JOHN CLAY ALLEN
And Yet it Moves
full orchestra | 8' | 2019
Commissioned by the Boulder Symphony
Instrumentation: 2222 4331 Timp +2 Strings
Premiered January 30th and 31st, 2020 by the Boulder Symphony; Devin Hughes, Conductor.
Eppur si Muove - And Yet it Moves. These apocryphal words were reportedly muttered by Galileo Galilei after recanting his belief in the idea that the earth revolves around the sun.
This is a piece about Galileo - his ideas, his struggles, and the playfulness of genius that secured his place as one of the great minds in western civilization.
The textures and melodies in the piece are intended to evoke the heavens. They are meant to suggest our drive as a species to explore the unknown, and the beauty in the secrets of the universe. This music points to those things that are beyond our grasp, those things we cannot know despite our ingenuity and audacity. They point to the seemingly infinite possibility of it all.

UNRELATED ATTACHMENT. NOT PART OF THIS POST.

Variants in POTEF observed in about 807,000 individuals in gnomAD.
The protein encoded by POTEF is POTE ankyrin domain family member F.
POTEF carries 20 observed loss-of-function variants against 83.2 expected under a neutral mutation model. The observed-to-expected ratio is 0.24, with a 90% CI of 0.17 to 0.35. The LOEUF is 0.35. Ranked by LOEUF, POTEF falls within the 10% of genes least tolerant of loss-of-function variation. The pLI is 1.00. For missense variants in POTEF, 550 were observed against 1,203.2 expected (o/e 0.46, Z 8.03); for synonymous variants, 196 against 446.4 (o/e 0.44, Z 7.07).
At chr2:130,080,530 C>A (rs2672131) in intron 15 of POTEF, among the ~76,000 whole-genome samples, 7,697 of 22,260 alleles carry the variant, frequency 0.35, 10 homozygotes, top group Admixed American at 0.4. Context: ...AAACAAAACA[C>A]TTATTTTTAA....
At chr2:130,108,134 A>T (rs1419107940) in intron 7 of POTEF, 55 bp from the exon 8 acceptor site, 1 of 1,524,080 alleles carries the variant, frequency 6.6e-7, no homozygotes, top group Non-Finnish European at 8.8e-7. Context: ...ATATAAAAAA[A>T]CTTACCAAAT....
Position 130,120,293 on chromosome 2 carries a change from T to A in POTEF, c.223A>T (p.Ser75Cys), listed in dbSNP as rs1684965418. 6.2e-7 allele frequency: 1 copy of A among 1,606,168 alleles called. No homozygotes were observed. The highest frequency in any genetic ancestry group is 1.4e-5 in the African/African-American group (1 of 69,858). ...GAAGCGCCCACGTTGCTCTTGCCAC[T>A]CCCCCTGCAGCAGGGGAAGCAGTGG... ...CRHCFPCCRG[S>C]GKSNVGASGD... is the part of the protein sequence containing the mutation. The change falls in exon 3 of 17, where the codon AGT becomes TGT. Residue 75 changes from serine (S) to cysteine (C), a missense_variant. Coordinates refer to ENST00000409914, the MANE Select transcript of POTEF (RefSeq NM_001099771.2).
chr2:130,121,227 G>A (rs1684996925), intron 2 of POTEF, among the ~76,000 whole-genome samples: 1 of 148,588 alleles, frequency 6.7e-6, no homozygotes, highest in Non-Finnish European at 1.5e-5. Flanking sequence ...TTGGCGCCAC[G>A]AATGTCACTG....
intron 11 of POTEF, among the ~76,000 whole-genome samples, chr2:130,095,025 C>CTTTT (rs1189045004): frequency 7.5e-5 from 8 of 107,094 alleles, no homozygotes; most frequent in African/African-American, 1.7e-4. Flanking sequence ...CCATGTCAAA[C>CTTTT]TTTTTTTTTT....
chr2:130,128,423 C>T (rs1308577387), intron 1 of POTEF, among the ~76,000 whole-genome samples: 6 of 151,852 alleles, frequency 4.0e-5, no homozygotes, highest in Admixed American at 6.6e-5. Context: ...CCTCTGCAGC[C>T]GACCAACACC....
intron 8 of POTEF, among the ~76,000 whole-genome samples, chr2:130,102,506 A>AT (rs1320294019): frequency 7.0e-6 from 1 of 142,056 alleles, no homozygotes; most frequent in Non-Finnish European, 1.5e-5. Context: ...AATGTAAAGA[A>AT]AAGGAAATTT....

The main theme of the piece is a recurring melody in the horns and trombones that represents not only the orbit of heavenly bodies, but also Galileo himself – a historical figure who's now mythical and heroic story has become defined by his struggle within the orbit of the Catholic Church at the height of the counter reformation.
This piece is an homage to Galileo, his world, and his ideas. But this music is also a resounding affirmation of those truths in our own lives that, for whatever purpose, we deny, suppress, or cannot bring ourselves to embrace.
There are things that cannot possibly be true - and yet they are. Eppur si Muove - And Yet it Moves.
© 2021 by John Clay Allen
JOHN CLAY ALLEN